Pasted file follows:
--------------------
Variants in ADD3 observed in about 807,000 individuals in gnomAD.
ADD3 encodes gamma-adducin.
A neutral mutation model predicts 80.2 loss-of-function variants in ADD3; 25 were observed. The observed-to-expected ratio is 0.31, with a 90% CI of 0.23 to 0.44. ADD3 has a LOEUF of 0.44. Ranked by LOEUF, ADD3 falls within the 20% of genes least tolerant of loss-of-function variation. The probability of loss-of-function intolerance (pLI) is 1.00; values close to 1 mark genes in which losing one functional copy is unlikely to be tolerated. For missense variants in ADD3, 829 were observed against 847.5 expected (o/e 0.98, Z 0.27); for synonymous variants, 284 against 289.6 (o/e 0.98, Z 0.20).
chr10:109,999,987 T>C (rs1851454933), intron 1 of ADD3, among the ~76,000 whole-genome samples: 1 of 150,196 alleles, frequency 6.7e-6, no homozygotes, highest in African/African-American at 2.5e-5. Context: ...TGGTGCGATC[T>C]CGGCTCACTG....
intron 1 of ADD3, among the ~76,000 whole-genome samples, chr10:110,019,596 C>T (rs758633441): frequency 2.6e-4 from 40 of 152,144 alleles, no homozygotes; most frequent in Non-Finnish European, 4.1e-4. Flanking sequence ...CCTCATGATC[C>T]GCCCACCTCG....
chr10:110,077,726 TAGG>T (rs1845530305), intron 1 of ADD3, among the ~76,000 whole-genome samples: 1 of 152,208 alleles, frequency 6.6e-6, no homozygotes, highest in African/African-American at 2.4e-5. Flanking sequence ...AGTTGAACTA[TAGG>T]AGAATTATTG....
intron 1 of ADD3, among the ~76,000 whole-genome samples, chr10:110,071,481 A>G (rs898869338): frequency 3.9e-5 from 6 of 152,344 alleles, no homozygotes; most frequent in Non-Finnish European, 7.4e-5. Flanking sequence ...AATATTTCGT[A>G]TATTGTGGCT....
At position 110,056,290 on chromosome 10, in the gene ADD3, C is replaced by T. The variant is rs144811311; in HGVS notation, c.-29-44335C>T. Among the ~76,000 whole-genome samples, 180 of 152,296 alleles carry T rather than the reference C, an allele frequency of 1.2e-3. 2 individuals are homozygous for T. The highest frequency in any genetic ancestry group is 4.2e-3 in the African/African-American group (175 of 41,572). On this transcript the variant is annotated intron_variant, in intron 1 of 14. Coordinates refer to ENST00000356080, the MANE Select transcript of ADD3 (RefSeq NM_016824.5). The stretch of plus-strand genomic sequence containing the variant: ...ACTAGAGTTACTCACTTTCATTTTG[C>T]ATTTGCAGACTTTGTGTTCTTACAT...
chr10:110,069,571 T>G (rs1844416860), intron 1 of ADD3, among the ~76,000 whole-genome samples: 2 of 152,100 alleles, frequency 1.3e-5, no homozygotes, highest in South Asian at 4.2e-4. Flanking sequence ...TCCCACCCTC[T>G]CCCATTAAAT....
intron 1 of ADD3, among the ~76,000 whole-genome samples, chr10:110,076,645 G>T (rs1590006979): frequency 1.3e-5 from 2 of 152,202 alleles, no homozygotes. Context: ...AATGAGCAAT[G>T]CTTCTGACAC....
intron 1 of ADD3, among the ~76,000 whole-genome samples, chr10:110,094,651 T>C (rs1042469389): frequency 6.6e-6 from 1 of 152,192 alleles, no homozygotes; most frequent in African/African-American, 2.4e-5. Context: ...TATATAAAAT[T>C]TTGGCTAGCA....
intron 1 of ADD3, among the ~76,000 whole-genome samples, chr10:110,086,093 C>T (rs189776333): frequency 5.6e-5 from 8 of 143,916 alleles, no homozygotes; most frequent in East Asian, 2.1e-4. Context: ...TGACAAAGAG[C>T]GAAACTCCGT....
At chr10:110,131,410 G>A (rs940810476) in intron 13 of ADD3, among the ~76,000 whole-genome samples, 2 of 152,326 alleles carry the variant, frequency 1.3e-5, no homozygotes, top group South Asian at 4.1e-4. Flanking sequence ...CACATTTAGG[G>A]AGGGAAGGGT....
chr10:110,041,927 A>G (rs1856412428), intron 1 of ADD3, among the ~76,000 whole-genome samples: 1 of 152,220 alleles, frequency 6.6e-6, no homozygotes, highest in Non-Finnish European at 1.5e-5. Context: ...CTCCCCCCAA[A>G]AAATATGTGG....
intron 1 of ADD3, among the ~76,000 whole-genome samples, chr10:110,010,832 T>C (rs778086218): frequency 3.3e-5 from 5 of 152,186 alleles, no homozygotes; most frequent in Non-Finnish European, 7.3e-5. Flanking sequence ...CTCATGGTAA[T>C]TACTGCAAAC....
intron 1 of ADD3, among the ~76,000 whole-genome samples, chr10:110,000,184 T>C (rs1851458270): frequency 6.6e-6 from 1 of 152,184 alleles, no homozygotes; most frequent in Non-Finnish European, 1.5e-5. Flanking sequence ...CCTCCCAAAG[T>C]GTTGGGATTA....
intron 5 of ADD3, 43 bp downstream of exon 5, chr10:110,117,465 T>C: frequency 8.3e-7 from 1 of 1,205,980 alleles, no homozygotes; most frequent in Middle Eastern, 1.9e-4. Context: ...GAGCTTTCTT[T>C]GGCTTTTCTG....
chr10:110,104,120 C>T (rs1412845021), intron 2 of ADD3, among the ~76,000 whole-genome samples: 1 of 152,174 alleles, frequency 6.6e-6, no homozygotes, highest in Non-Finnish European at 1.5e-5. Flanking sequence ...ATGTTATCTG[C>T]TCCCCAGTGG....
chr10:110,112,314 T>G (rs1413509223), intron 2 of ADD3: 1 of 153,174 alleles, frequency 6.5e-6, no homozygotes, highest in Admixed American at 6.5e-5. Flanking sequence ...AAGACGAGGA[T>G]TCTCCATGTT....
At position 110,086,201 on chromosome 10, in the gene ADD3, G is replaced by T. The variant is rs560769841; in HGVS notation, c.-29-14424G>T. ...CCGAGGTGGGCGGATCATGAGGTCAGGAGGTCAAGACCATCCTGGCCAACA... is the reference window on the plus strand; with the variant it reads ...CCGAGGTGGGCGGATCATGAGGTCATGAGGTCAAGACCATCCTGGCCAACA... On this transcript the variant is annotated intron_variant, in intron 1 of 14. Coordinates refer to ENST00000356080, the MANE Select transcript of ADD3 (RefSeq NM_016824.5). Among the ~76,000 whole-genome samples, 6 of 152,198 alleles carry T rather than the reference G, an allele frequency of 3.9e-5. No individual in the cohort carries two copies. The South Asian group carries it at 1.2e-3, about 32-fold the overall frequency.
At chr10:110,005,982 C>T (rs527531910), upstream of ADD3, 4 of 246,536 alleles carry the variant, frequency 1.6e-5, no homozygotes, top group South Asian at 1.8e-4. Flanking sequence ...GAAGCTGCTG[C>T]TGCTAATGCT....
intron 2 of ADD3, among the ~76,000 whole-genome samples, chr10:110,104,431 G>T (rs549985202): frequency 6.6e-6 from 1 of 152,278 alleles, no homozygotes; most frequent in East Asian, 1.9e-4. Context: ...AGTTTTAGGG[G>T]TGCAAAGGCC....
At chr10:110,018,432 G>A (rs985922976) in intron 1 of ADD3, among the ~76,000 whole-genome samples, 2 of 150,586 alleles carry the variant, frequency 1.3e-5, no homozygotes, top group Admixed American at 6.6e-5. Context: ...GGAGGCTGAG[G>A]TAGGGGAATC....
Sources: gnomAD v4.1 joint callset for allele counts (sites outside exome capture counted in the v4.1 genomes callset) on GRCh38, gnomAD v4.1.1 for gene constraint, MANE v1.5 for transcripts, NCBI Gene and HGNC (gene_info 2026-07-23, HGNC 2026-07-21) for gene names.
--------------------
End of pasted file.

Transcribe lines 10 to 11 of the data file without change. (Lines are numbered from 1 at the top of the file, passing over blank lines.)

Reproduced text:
intron 1 of ADD3, among the ~76,000 whole-genome samples, chr10:110,076,645 G>T (rs1590006979): frequency 1.3e-5 from 2 of 152,202 alleles, no homozygotes. Context: ...AATGAGCAAT[G>T]CTTCTGACAC....
intron 1 of ADD3, among the ~76,000 whole-genome samples, chr10:110,094,651 T>C (rs1042469389): frequency 6.6e-6 from 1 of 152,192 alleles, no homozygotes; most frequent in African/African-American, 2.4e-5. Context: ...TATATAAAAT[T>C]TTGGCTAGCA....